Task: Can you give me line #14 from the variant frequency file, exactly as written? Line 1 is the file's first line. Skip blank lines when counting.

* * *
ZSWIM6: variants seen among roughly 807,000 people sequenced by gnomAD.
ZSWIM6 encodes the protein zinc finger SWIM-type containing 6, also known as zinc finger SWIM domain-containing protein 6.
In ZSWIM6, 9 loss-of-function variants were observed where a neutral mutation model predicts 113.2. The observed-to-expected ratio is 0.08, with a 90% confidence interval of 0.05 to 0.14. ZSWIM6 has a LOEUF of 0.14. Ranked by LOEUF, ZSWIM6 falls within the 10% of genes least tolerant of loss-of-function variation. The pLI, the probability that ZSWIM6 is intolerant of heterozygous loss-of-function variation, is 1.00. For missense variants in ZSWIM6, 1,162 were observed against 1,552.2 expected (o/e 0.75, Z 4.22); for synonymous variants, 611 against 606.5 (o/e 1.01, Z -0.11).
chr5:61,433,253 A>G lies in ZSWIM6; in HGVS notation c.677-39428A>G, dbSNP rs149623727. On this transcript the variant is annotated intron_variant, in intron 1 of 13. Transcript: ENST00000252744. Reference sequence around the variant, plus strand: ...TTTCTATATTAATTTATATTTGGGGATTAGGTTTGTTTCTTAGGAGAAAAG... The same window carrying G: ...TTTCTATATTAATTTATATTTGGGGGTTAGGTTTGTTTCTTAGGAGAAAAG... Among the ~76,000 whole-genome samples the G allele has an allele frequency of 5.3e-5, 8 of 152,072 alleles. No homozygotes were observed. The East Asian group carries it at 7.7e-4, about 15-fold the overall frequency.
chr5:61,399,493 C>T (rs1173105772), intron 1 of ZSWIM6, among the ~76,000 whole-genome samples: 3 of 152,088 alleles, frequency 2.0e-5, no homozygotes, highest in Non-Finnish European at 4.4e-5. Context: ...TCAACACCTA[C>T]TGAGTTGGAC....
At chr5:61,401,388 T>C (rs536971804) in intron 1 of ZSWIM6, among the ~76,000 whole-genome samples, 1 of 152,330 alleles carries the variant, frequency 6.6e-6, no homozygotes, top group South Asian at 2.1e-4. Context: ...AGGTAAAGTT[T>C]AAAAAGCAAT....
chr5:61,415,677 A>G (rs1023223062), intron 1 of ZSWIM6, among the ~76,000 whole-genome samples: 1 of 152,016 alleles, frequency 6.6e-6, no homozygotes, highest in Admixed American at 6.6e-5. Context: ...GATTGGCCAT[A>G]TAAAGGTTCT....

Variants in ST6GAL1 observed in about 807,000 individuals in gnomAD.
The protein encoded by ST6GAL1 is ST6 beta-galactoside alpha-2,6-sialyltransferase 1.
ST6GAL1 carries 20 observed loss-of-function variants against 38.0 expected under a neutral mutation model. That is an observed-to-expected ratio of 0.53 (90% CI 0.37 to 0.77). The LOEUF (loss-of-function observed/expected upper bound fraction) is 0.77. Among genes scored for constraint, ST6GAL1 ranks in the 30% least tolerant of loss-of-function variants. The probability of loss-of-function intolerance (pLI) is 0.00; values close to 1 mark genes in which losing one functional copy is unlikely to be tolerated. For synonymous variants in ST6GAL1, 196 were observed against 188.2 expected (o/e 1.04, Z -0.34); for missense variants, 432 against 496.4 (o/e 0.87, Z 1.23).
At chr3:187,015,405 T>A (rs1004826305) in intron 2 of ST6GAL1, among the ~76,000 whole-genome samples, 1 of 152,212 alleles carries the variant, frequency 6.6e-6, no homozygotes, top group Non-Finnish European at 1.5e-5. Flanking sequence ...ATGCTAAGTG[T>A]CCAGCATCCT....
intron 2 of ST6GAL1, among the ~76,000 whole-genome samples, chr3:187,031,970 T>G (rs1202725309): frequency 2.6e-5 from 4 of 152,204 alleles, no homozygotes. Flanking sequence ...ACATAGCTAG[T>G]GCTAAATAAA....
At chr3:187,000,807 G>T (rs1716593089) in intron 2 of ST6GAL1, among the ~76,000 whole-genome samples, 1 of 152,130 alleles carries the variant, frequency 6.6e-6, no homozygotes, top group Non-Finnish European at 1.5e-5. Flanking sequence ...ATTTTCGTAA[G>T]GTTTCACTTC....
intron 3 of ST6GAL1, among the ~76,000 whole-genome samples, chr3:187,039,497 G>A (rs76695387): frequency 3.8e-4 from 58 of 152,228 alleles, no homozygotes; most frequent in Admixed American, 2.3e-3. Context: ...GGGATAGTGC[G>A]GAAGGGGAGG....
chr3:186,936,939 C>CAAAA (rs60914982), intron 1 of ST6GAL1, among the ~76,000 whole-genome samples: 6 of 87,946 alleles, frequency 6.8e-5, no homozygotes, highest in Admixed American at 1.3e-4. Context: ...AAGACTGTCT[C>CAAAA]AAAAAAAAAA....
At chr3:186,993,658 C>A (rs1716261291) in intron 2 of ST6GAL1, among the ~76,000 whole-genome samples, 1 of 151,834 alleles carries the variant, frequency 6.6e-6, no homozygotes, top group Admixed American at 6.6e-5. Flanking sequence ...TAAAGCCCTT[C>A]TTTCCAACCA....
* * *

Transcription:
intron 3 of ST6GAL1, among the ~76,000 whole-genome samples, chr3:187,039,497 G>A (rs76695387): frequency 3.8e-4 from 58 of 152,228 alleles, no homozygotes; most frequent in Admixed American, 2.3e-3. Context: ...GGGATAGTGC[G>A]GAAGGGGAGG....